# Climber in a box help

Hey! We are currently trying to assemble our climber in a box for this year, and as our first year using a climber in a box we are almost clueless. We are trying to figure out how to measure how high we should make the climber and where on the robot to put it. Thanks!

It would probably help to include images of your robot.

1 Like

First, hereâ€™s a convenient CAD model of the climber to reference. Alter the pictured configuration variables to play around with the size of the climber and what it looks like extended vs retracted.

All of the tubes used by the Andymark climber are cut to the same length, so the â€śTube Lengthâ€ť variable in the model applies to all three tubes. There are four main variables that affect how long you should make your tubes:

1. How tall do you need the hook to go to reach your objective. This needs to be measured from the tip (bottom) of the hook, not the top curve of the hook, because that tip needs to go over the chain.
2. How short do you want it to be while retracted? This year, the main restriction is whether or not you want to fit under the stage.
3. Based on the rest of your robot design, how close to the ground can you mount your climber? The closer to the ground you can mount it, the more height you can get while extended.
4. The retracted height of the hook must be low enough for your robot to leave the ground completely when hooked onto the chain. Feels really silly when you design a climber that doesnâ€™t actually climb.

One big thing to be aware of if youâ€™re using the 2-stage climber is that increasing your tube lengths by 1" will increase the minimum height of your retracted climber by that same 1", but it will increase the maximum extended height of the climber by 2". This is because the extension distance is added to by the lengths of both the 1.5" and 1" tubes.

Now, the process for choosing your tube length: Because the tube length is only a single variable, you need to set some boundary conditions. The first one I usually do is identify the lowest down that you can mount the base of your climber. This will give you the most flexibility in length. Then, if you care about fitting under the stage, adjust the tube length so that (retracted height of the climber as a whole)+(height above the ground) is at least 1" t o 2" less than the stage. However, you may need to adjust the tube length shorter than this to fully leave the ground when your hooks are retracted. The other thing to decide this year is whether you want to single-climb only or try for harmony. Harmony requires climbing off center, which means the chain is higher and the hooks need to go up more to reach it.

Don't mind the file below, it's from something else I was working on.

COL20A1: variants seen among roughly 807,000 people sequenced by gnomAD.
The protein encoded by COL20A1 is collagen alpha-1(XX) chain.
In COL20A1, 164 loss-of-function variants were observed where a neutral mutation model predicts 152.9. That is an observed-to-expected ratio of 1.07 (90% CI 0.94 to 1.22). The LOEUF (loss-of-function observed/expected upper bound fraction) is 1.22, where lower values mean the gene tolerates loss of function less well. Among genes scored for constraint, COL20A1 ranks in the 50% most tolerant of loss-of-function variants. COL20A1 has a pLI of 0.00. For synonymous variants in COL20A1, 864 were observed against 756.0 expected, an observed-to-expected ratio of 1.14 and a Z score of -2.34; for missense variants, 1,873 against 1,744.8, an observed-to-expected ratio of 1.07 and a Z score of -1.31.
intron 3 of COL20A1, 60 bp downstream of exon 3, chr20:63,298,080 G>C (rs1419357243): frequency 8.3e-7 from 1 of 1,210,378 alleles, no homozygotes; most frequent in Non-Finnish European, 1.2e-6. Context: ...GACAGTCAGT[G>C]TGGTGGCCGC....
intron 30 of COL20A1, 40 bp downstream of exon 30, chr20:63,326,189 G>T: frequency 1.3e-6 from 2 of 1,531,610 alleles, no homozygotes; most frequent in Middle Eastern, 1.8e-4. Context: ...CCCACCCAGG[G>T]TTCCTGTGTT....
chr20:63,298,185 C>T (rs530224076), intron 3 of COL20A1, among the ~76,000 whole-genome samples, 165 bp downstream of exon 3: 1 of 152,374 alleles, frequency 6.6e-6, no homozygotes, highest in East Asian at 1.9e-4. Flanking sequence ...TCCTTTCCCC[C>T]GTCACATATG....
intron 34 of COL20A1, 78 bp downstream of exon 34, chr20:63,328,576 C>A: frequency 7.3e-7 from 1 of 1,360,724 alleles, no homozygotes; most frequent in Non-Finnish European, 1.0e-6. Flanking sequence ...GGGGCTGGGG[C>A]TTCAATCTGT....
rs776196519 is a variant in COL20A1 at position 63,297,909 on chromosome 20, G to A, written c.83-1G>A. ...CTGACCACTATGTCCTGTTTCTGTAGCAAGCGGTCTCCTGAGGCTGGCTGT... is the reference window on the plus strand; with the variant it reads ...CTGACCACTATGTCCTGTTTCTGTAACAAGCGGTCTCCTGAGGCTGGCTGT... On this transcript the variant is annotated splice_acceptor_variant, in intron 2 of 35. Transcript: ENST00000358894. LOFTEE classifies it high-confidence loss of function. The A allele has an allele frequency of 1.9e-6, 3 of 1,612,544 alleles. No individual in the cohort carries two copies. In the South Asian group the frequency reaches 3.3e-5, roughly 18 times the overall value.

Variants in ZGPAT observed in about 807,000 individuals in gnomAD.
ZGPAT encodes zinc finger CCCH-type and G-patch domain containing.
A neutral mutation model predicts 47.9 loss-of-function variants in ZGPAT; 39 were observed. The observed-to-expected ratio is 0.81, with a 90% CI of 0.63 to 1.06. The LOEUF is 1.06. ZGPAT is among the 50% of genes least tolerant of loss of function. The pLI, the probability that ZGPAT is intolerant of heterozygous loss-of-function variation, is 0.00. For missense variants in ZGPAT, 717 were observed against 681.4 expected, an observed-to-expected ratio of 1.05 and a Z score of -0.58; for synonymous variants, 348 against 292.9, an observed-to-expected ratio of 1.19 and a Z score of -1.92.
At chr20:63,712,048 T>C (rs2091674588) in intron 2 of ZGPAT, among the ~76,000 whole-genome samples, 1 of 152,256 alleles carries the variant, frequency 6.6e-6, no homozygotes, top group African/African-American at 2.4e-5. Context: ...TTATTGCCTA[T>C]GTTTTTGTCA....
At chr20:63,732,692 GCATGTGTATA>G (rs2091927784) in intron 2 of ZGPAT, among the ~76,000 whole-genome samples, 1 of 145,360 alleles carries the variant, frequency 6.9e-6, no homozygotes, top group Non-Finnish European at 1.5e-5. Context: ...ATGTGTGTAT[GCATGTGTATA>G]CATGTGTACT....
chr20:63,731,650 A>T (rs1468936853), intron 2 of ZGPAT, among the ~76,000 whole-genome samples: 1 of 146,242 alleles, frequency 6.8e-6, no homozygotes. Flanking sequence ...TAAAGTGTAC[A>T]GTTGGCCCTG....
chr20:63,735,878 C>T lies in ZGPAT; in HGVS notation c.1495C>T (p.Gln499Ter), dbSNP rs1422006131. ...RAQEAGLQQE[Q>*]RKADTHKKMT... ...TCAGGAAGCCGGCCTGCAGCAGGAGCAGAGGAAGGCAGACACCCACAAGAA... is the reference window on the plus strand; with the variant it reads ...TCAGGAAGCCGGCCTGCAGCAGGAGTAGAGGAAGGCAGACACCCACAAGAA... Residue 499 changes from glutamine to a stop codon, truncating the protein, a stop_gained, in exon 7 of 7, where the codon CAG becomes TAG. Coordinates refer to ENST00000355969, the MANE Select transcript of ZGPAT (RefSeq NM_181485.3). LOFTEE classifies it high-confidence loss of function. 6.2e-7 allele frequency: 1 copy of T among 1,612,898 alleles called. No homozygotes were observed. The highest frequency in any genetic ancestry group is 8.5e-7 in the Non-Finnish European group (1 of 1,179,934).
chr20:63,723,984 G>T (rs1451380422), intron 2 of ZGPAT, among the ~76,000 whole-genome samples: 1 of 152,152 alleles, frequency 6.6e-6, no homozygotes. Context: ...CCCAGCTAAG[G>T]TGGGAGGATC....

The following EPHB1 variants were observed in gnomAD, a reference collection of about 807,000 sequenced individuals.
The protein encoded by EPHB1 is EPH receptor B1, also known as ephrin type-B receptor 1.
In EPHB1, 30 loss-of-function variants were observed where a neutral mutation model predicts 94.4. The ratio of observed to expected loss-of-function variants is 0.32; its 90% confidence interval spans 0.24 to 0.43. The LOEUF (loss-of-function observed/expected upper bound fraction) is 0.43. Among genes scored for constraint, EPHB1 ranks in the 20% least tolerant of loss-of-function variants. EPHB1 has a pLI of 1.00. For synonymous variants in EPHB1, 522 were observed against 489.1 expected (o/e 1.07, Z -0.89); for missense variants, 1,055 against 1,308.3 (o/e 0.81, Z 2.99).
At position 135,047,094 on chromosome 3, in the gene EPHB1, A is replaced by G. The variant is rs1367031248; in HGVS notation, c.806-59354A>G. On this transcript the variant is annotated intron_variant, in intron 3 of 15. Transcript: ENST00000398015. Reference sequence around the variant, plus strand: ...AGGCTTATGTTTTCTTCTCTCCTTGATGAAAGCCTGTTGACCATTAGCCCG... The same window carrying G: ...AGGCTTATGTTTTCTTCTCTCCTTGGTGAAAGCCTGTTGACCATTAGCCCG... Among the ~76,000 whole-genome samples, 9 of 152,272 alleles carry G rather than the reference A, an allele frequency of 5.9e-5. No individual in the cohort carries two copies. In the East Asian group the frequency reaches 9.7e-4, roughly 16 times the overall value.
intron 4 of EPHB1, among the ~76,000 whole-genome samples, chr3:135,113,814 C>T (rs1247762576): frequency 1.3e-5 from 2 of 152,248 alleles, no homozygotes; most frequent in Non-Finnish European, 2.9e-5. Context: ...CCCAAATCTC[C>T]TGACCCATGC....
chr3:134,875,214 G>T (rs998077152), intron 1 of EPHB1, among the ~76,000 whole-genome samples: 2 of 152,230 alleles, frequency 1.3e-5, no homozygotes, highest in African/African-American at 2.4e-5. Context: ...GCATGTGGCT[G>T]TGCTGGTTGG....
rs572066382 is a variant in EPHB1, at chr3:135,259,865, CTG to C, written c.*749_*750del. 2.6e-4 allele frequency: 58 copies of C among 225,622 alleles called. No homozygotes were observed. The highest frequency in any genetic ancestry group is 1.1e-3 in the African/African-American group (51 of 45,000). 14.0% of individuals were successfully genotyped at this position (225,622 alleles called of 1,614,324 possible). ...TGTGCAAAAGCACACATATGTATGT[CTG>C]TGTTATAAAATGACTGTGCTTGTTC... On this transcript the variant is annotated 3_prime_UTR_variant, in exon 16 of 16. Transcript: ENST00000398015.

Finally, the location on the robot is pretty flexible. However, if the hooks are too far away from the center of gravity of the robot, then you may just tip onto one edge of the robot instead of leaving the ground. Thus, putting your climbers close to the center of the robot is usually preferable.

To get more detailed than this, Aaronâ€™s recommendations to post your CAD will be needed.

1 Like

Thank you!!! we will check this out!

Our team is trying to assemble a climber in a box and it seems that we were shipped a disconnected spool? As in we have either end of said spool, but the cylinder in the center that joins both sides was not included. Does anyone know if this is part of a new design or any suggestions to connect the end pieces? Thanks!

Ideally the climber should be as close to robotâ€™s the center of gravity as possible. This is so the robot remains parallel to the ground and does not rotate around the hook and possibly fall off the chain or remain touching the ground.
If you have 1 climber in a box, put it at the center of gravity, if you have two, put them on opposite sides of the robot colinear with the center of gravity. It doesnâ€™t need to be right at the center of gravity, but the closer the better.

1 Like

Thank you!!!

1 Like

Ours also came with the winch spool as two separate aluminum pieces. I believe there is supposed to be a standard plastic 1/2" hex spacer between them when using the 2-stage kit, but I donâ€™t see any resources to find the actual part number they intend. Maybe look for a hex spacer that was overlooked in the packaging?

Side note, Iâ€™m glad it looks like AndyMark is transitioning to 1-piece spools, as we have had problems with the current solution allowing the rope to slip in between the spool pieces and either chew up the rope or cause inconsistency between the two climbers on the robot.